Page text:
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Ian Comben


July 28, 2017

Is cocaine on the rise (and what this means)?

The ‘popularity’ of various drugs rise and fall. Be it heroin, ecstasy, crystal methamphetamine, or other drugs – we see it time and again. And there’s been a lot of speculation in the ADF office recently as to whether cocaine use is on the rise in Australia once more.

So we checked the evidence to see what’s going on – and what this might mean in terms of the resulting drug harm.

National Drug Strategy Household Survey

The 2016 National Drug Strategy Household Survey has reported that cocaine is now the second most commonly used illegal drug in the preceding 12 months to the survey – second only to cannabis. In it, the survey found that cocaine use increased from 1.0% of the population in 2004 to 2.5% in 2016. (With ‘recent use’ being defined as use at least once in the previous 12 months.)

However, while cocaine and ecstasy were used by more people than, for instance, meth/amphetamine in the previous 12 months, they were used much less frequently. In 2016, for example, the majority of people using cocaine and ecstasy only used it once or twice a year (64% and 51% respectively). With only 2–3% using it once a week or more. This is in contrast with people who used cannabis and/or meth/amphetamine. People consuming these drugs were much more likely to use them on a regular basis: with 36% and 20% (respectively) using them weekly.1  

Sub-sections of the population

Last year’s Gay Community Periodic Survey of gay men in Victoria found that cocaine use was higher than meth/amphetamine use among this group: 18% versus 10% respectively. The survey also reported that cocaine use had increased over the preceding three years among Victorian gay men, whereas meth/amphetamine use remained relatively stable.2

The ADF helpline: DrugInfo

The ADF’s helpline, DrugInfo, has also seen an increase in the number of cocaine related calls.

In the past 6 months, just over 7% of all calls to DrugInfo related to cocaine, 26.6% related to alcohol and 35.4% for meth/amphetamine. In itself, this information is of limited use. But when compared to 12 months ago, we find that calls related to cocaine have more than doubled; up from around 3%.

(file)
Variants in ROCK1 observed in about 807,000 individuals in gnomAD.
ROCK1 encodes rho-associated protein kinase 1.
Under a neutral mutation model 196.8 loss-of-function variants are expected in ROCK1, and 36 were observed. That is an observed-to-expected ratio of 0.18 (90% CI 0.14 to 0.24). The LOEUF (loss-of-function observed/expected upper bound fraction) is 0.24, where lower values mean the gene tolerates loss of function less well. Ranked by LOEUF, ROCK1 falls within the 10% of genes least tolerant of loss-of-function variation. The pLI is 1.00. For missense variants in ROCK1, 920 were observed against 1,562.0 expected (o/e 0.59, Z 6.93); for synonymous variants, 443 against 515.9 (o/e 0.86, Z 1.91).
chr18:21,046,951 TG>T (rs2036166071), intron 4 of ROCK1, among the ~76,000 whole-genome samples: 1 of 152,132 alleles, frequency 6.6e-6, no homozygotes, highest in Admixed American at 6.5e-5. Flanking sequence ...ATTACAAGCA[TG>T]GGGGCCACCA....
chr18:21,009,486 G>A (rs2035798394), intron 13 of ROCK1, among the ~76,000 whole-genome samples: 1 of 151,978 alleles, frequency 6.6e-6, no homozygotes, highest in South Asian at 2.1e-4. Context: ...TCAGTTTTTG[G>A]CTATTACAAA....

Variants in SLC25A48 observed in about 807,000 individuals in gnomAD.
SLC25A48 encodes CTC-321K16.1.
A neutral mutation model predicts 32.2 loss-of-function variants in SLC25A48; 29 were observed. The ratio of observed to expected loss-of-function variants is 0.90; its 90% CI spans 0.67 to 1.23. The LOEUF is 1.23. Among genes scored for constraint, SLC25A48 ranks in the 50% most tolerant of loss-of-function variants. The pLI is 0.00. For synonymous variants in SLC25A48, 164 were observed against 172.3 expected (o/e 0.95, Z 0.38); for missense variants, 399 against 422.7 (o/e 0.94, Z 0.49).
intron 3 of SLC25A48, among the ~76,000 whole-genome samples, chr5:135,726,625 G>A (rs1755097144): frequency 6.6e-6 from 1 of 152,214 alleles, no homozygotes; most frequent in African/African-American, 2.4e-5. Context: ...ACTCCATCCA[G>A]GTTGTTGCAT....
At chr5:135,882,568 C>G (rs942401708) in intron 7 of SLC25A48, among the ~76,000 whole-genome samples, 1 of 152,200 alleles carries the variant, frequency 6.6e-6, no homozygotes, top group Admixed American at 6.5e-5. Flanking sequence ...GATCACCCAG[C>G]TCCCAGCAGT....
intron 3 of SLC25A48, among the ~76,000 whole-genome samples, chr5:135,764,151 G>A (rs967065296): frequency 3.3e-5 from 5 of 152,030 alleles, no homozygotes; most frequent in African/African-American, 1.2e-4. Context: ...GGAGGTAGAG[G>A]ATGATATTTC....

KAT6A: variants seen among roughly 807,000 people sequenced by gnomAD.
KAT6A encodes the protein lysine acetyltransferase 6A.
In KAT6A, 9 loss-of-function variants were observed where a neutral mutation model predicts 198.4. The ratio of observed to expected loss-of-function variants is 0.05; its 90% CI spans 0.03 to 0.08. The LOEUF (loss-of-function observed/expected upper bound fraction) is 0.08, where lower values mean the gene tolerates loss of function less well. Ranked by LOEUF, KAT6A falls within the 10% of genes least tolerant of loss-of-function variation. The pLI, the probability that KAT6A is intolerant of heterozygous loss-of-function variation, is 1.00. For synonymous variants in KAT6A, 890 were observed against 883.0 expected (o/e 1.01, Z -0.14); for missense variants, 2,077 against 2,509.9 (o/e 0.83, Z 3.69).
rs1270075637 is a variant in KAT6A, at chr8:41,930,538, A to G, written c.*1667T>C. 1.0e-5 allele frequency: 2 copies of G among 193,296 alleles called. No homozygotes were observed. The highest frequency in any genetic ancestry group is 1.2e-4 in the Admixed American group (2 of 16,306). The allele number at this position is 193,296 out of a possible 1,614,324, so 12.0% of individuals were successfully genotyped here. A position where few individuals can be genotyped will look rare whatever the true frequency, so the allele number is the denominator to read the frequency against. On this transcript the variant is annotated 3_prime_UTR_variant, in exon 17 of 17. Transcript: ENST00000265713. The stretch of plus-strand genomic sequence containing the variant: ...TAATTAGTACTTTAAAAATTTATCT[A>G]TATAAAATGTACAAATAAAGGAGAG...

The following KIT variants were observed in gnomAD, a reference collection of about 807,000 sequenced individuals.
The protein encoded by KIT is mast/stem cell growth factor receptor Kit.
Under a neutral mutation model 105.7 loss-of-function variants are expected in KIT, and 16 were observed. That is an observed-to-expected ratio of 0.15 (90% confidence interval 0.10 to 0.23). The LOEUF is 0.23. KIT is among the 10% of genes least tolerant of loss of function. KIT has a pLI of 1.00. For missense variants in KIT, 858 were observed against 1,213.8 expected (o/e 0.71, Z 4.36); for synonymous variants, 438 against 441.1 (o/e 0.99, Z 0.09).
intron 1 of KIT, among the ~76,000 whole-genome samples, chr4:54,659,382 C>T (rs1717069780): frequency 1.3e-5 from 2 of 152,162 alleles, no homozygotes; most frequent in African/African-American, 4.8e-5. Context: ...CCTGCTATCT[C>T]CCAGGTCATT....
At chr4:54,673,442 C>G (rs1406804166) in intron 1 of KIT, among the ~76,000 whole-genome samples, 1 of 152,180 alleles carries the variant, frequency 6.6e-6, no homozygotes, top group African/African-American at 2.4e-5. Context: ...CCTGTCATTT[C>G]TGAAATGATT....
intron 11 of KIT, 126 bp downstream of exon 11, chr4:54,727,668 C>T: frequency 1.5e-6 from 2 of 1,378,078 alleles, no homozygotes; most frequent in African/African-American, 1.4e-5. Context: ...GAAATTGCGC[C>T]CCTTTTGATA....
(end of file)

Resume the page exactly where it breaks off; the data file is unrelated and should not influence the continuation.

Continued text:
While we need to be careful and recognise the limitations of statistics like this, it does, along with other data, help us understand broad trends in drug use.

Detections, seizures, arrests and water analysis

The Australian Criminal Intelligence Commission (ACIC) reported that in 2015-16:

  • There were a record 2,777 cocaine detections at the Australian border.
  • There were a record 3,951 national cocaine seizures (with the weight of cocaine seized nationally increasing for the second consecutive reporting period).
  • There were a record 2,592 national cocaine arrests.3

Waste water analysis undertaken in the last half of 2016 shows on average that cocaine consumption in Australia was noticeably lower than consumption levels of meth/amphetamine, but was consistently higher in capital city locations compared to regional locations.4

According to ACIC, cocaine use has increased globally since 2010, while the United Nations Office on Drugs and Crime (UNDOC) noted in a recent report that the cocaine market in Oceania is growing again.5

Similar trends have been observed globally. UNDOC also reports that the manufacture of cocaine is on the increase – with coca bush cultivation significantly increasing in Columbia in the past few years.6 UNDOC also notes the cocaine market has been expanding, with the total manufacture of pure cocaine hydrochloride reaching 1,125 tons in 2015. And a record 863 tons of cocaine being seized around the world in 2015.

The Australian market for cocaine and its impact

Firstly, it’s important to remember that the Australian cocaine market is different than most other cocaine markets; particularly in terms of the form it’s used and the price.

Australians almost exclusively use white powder cocaine as opposed to crack-cocaine/cocaine base. Crack cocaine is rarely found in Australia, but in many other parts of the world ‘crack’ is the most predominant – and the most harmful – form of cocaine.7

Australia is also one of the most expensive countries in the world to purchase cocaine: with a price of around $300 per gram,8 compared to the European Union at just $65-128 per gram.9

It has been suggested that as a consequence of these unique patterns of cocaine supply, perhaps most cocaine users in Australia experience minimal adverse effects.

References
  1. Australian Institute of Health and Welfare. (2017). National Drug Strategy Household Survey detailed report 2016. Canberra: AIHW.
  2. Lee, E., Mao, L., McKenzie, T., Batrouney, C., West, M., Prestage, G., Zablotska, I., de Wit, J., & Holt, M. (2016). Gay Community Periodic Survey: Melbourne 2016. Sydney: Centre for Social Research in Health, UNSW Australia
  3. Australian Criminal Intelligence Commission (2017) Illicit Drug Data Report 2015–16. Canberra: Commonwealth of Australia.
  4. Ibid.
  5. United Nations Office on Drugs and Crime. (2017). Market analysis of plant-based drugs: opiates, cocaine, cannabis.
  6. Ibid.
  7. United Nations Office on Drugs and Crime. (2017). Global overview of drug demand and supply: latest trends, cross cutting issues p.41
  8. National Drug and Alcohol Research Centre. (2016). Australian Drug Trends 2016 Findings from the Ecstasy and Related Drugs Reporting System.
  9. Chalmers, J., Matthew-Simmons, F. & Hughes, C. (2013). The Recent Expansion in the Australian Cocaine Market: Who are the New Users and What are the Harms? Sydney: National Drug and Alcohol Research Centre, UNSW.